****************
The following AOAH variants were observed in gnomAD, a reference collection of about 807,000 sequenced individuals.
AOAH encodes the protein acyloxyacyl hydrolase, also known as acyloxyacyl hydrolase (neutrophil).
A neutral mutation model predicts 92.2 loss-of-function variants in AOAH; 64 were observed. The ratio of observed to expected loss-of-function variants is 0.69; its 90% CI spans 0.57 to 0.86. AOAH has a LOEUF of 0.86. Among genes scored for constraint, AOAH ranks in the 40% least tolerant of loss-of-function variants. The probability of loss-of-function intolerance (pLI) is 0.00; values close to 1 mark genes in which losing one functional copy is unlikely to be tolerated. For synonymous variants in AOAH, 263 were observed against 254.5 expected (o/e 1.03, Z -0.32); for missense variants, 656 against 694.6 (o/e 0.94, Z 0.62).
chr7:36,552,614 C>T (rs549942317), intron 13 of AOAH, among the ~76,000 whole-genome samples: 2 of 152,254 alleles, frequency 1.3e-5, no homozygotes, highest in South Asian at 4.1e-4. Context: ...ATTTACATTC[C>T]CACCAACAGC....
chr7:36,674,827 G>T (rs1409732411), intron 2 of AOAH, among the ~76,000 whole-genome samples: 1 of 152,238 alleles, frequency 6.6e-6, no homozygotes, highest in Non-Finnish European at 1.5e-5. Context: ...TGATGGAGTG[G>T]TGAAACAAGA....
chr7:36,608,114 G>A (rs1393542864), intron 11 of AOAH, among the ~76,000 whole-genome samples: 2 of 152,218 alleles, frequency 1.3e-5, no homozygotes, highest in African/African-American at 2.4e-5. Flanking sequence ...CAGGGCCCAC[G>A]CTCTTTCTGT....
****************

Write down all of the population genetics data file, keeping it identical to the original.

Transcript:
The following AOAH variants were observed in gnomAD, a reference collection of about 807,000 sequenced individuals.
AOAH encodes the protein acyloxyacyl hydrolase, also known as acyloxyacyl hydrolase (neutrophil).
A neutral mutation model predicts 92.2 loss-of-function variants in AOAH; 64 were observed. The ratio of observed to expected loss-of-function variants is 0.69; its 90% CI spans 0.57 to 0.86. AOAH has a LOEUF of 0.86. Among genes scored for constraint, AOAH ranks in the 40% least tolerant of loss-of-function variants. The probability of loss-of-function intolerance (pLI) is 0.00; values close to 1 mark genes in which losing one functional copy is unlikely to be tolerated. For synonymous variants in AOAH, 263 were observed against 254.5 expected (o/e 1.03, Z -0.32); for missense variants, 656 against 694.6 (o/e 0.94, Z 0.62).
chr7:36,552,614 C>T (rs549942317), intron 13 of AOAH, among the ~76,000 whole-genome samples: 2 of 152,254 alleles, frequency 1.3e-5, no homozygotes, highest in South Asian at 4.1e-4. Context: ...ATTTACATTC[C>T]CACCAACAGC....
chr7:36,674,827 G>T (rs1409732411), intron 2 of AOAH, among the ~76,000 whole-genome samples: 1 of 152,238 alleles, frequency 6.6e-6, no homozygotes, highest in Non-Finnish European at 1.5e-5. Context: ...TGATGGAGTG[G>T]TGAAACAAGA....
chr7:36,608,114 G>A (rs1393542864), intron 11 of AOAH, among the ~76,000 whole-genome samples: 2 of 152,218 alleles, frequency 1.3e-5, no homozygotes, highest in African/African-American at 2.4e-5. Flanking sequence ...CAGGGCCCAC[G>A]CTCTTTCTGT....